The best 404 pages make the most of an unfortunate error.
Rather than sticking to the standard “page not found” messaging, savvy web designers use 404 error pages to showcase a bit of the brand’s personality, deliver a laugh, or even entertain us with a mini video game.
Thoughtfully designing a page that only shows up when things go wrong may seem pointless, but it’s actually a chance to keep visitors engaged. So before you add a basic “oops, page not found” message, take a look at some of the more imaginative examples I’ve stumbled upon.
Funny 404 pages
These lighthearted and playful 404 pages soften the blow of clicking on a broken link by charming lost visitors with a touch of humor.
Content manager Thomas Bosc has a thoughtfully designed site with scroll-triggered animations, gorgeous visuals, and past projects that showcase their web design skills. Perhaps that’s why landing on this basic page with a childhood photo of a hopeful wizard made me truly laugh out loud.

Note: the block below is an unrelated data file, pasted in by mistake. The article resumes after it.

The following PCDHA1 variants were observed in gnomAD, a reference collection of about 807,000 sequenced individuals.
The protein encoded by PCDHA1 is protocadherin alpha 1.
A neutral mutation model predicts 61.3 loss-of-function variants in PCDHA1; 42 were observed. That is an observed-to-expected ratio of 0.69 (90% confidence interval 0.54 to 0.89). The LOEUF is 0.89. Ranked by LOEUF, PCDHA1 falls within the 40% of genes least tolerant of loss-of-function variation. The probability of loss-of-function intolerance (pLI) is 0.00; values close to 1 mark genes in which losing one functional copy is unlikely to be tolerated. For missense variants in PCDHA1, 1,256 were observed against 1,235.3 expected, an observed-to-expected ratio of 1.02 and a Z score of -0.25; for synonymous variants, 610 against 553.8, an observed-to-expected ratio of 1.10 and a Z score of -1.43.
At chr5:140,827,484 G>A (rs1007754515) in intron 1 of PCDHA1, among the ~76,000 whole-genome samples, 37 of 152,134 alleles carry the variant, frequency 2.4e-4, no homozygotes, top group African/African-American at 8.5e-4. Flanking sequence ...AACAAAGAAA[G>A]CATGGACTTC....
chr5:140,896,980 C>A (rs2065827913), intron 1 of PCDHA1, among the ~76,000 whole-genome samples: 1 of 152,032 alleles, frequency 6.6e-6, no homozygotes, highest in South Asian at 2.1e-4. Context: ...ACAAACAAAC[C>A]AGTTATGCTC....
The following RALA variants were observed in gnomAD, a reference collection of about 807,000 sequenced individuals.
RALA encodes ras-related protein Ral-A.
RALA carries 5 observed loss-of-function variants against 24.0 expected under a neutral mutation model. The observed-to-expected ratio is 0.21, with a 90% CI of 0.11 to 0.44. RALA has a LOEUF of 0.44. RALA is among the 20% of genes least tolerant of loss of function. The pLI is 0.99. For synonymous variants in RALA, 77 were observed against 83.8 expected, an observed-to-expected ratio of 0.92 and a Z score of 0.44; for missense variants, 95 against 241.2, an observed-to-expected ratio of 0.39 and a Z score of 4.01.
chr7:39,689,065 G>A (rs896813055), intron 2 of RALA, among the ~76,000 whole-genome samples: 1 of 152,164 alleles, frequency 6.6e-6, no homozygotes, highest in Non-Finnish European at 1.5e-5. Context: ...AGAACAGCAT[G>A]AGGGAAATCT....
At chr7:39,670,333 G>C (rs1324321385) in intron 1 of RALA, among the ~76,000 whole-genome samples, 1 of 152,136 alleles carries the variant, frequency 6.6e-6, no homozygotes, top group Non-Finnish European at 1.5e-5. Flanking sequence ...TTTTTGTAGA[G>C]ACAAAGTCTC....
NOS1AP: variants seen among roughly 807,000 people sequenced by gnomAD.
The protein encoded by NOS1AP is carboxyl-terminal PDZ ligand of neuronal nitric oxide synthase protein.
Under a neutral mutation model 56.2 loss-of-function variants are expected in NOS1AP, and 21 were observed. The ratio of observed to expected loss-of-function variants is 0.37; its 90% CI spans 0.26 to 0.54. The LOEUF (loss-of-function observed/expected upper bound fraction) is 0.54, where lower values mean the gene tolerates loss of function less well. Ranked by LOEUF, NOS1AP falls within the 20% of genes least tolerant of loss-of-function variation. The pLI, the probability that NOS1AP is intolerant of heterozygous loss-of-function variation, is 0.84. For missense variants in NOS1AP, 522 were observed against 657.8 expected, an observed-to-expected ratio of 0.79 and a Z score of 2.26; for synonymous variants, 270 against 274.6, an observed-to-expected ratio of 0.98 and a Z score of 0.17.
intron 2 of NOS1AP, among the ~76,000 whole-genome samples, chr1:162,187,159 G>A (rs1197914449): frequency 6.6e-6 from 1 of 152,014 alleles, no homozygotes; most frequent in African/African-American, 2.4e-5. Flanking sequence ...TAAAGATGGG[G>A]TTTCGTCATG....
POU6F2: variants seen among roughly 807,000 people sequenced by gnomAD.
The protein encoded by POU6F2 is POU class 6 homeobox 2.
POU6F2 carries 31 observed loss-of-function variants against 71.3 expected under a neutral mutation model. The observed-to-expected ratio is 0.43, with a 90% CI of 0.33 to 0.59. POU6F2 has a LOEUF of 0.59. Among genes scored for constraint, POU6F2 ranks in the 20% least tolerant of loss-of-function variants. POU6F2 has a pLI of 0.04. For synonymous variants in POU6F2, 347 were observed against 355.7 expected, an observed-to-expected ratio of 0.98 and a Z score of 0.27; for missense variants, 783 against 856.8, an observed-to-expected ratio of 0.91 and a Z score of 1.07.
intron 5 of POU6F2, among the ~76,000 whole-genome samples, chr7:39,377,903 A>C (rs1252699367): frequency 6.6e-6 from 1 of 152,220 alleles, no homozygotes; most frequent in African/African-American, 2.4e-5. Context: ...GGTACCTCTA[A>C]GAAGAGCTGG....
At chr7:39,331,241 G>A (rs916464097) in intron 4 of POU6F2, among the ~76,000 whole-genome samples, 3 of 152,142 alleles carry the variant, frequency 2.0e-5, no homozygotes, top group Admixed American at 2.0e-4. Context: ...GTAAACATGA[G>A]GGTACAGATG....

This 404 page has a little surprise, too. When clicked, young Thomas flies away to reveal text “404” and a link back to the homepage.
Designer Polo Garcia catches us off guard by taking us from a clean, contemporary site design to a grainy animation of a waterskiing squirrel on his 404 page.
Even the squirrel eventually turns to look at the screen as if it’s asking site visitors — what are you doing here? Polo delivers a laugh but keeps the user experience fluid by including an obvious “take me back home” button.
Product designer and Webflow developer Shalom Osahon reminds you not to panic and likens a 404 page to a fire drill.
The accompanying gif is a compilation of hectic scenes from an episode of The Office, providing a good laugh (and example of what not to do) before directing you back to the homepage.
Beyond Agency turns a page error into an adventure — or as they call it, an “errventure.”
This design leans into the joke by providing a “next place” button in addition to the link back home. Each time you click on “next place,” you’ll see a new retro design with a pixelated illustration and the option to go home or continue on your “errventure.” You’ll cycle through error messages like “Island not found” next to a palm tree, “We can’t seem to find the page you’re looking for” in a dark forest with moving eyes, and “ba ba ba something went wrong” with bouncing sheep.